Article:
The FNB/BER building confidence index rose by four index points to a new four-year high of 41 in the second quarter this year.
The index is up from 37 index points in the first quarter.
According to the latest report, issued on Wednesday, this marks the highest reading of the index since 2008 and the first time since 2005 that the index has risen for three consecutive quarters.
However, the current level indicates that the majority (approximately 6 out of 10) of respondents in different sectors of the building industry still rate the prevailing business conditions as unsatisfactory.
Moreover, the rise in confidence across the different phases of the building sector indicates that the recovery is becoming more broad-based and therefore likely to be more sustained.
The confidence among main contractors jumped from 30 index points to 45. This marks the single biggest increase in the index since 2008 and places the current reading well above the long-term average of 36.
Building activity increased notably in the second quarter, contributing substantially to the jump in main contractor confidence.
This is in contrast to the first quarter when building activity also picked up nicely, but confidence remained flat.
The residential sector fared marginally better than the non-residential sector during the second quarter.
Although both sub-sectors saw higher confidence and an increase in building activity, the improvement was more pronounced for residential contractors.
“There are tentative signs that the recovery in the residential building sector may be more robust than previously thought,said Sizwe Nxedlana, FNB’s chief economist.
“However, it must be noted that this recovery comes off a very low base.”
Conversely, profit and tendering conditions in the non-residential sector were slightly more favourable than for residential contractors.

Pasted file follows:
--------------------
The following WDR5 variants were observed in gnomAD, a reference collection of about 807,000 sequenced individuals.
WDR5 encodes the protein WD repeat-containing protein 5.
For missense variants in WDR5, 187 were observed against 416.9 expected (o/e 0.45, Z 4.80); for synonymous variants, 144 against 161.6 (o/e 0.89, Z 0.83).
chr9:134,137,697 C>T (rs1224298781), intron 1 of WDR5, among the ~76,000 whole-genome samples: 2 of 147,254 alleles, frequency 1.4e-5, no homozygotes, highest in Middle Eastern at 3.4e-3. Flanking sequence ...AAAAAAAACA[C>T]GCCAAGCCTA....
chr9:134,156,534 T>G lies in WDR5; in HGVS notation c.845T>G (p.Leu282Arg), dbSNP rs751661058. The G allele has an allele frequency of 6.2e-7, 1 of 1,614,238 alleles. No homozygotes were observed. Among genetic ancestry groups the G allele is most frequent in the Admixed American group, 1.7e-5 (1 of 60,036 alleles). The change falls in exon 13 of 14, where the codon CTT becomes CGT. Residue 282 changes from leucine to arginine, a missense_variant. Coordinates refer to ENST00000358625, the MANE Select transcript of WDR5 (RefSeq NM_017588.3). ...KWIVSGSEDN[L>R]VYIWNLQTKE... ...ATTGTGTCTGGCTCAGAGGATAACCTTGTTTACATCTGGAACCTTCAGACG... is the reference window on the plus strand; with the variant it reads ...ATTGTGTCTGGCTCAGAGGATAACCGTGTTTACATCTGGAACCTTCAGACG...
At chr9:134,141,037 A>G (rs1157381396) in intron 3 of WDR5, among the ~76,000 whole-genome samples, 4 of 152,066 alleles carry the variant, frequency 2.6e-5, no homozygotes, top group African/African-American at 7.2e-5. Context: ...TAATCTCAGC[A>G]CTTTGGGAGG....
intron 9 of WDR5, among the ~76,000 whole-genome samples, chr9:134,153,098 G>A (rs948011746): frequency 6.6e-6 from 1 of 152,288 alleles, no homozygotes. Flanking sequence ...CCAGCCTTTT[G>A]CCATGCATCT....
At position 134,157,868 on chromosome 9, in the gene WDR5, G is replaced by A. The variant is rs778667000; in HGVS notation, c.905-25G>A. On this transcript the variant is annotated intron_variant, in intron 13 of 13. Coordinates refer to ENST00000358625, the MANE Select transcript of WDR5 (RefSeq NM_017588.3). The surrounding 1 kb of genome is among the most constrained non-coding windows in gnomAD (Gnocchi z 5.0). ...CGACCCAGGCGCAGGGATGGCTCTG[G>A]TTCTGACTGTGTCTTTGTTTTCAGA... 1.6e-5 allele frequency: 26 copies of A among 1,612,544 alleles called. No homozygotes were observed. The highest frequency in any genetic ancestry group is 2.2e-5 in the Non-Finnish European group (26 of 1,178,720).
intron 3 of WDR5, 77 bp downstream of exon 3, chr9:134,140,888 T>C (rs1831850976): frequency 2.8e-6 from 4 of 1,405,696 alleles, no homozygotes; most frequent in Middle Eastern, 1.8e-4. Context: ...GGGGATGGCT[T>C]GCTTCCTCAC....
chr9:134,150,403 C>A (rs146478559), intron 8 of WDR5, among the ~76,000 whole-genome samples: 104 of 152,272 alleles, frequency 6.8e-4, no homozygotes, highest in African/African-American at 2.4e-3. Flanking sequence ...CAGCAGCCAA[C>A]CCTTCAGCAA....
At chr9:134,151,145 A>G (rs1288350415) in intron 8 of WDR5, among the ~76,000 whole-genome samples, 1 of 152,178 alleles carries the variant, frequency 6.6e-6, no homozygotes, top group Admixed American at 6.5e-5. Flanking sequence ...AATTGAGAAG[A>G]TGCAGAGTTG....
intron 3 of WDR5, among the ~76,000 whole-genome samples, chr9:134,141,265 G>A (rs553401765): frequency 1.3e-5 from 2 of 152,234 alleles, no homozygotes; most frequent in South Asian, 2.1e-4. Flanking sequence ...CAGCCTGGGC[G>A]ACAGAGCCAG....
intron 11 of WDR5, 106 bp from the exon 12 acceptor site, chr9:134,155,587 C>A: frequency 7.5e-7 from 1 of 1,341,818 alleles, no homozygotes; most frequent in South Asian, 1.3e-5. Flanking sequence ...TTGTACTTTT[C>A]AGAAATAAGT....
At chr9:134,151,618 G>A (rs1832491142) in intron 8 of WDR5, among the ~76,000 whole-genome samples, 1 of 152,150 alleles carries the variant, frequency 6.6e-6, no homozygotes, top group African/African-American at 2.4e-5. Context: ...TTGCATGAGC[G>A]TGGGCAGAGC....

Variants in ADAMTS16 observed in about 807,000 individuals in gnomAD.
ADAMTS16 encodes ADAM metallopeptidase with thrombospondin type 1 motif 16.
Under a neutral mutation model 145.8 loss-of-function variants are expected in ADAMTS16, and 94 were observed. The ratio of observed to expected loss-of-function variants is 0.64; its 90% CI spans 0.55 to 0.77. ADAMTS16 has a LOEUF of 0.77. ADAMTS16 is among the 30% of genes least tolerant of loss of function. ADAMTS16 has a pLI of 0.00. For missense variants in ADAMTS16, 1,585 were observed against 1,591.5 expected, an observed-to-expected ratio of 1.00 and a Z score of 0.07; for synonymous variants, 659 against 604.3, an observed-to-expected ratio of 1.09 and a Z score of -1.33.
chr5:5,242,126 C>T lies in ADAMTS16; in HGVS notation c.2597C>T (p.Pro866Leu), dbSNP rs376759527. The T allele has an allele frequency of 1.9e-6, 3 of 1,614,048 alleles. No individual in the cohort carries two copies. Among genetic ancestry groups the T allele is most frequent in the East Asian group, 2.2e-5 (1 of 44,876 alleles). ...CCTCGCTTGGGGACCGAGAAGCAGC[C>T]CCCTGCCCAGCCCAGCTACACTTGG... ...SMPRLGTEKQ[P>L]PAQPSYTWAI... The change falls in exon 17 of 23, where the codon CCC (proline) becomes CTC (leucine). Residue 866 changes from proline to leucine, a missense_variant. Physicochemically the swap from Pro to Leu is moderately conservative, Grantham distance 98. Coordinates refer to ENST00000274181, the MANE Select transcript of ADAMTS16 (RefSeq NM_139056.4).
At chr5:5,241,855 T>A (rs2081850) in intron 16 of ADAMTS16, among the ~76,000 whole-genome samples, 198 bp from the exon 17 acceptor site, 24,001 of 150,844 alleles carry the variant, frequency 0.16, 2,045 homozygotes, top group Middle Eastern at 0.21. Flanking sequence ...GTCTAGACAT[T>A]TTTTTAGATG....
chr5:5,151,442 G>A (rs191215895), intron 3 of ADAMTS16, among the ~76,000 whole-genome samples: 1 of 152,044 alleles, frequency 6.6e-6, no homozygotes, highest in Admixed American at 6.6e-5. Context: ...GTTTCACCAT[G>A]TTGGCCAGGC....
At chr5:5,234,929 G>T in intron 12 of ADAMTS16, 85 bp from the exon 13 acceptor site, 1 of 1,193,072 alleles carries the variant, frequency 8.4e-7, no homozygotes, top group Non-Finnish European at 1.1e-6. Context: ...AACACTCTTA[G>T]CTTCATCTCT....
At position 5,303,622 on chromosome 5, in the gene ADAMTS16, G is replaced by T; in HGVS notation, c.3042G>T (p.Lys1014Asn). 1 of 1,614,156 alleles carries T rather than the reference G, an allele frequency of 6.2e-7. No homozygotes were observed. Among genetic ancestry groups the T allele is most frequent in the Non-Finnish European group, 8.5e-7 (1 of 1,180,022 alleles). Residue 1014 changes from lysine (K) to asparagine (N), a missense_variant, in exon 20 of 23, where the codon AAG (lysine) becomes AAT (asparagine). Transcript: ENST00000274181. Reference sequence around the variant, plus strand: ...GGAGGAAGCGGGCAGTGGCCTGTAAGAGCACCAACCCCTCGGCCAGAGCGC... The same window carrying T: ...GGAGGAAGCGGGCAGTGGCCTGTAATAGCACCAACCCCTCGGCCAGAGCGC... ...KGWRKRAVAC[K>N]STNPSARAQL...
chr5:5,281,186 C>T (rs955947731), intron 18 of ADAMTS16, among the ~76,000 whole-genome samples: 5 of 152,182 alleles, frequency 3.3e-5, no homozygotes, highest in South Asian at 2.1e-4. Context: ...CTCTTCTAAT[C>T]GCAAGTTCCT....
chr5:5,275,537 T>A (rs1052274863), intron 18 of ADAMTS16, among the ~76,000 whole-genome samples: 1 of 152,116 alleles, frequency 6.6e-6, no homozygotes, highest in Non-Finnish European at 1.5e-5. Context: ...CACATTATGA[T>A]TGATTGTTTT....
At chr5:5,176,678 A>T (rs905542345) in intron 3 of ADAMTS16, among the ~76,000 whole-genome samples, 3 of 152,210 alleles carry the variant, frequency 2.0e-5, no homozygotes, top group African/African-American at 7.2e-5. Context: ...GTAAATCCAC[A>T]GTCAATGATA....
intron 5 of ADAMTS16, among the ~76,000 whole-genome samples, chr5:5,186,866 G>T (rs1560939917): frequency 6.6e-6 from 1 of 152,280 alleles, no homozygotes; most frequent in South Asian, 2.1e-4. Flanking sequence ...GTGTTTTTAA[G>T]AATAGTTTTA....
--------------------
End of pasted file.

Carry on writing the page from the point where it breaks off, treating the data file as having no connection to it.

The rise in the building activity of main contractors led to an increase in the demand for building materials.
According to building manufacturers domestic sales and production picked up substantially during the second quarter.
This helped push their confidence to 27 index points, from 21 in the first quarter.
In contrast, the growth in retail sales of building materials slowed somewhat during the quarter.
This is likely due to this segment’s exposure to the struggling South African consumer and, in part, explains the fall in confidence of retailers of building materials from 59 to 46 points.
The building pipeline also continued to improve.
Architects’ confidence rose to 46 index points, while the confidence of quantity surveyors edged up by 4 points to 39.
Work, especially at the start of the building pipeline, increased significantly.
“The rise in architect and quantity surveyor confidence and activity, combined with the increase in general building activity provide reason to believe that the recovery in the building sector may be well supported going forward,” said Nxedlana.
The confidence of sub-contractors remained flat at 41 index points in the second quarter.
According to the latest report the results suggest that the pace of the building recovery likely quickened during the quarter, although off a low base.
However, there are still risks to the continued recovery in the sector.
Most of the risk stems from weak domestic and international economic conditions, which could thwart further growth in the building sector just as it starts gaining momentum.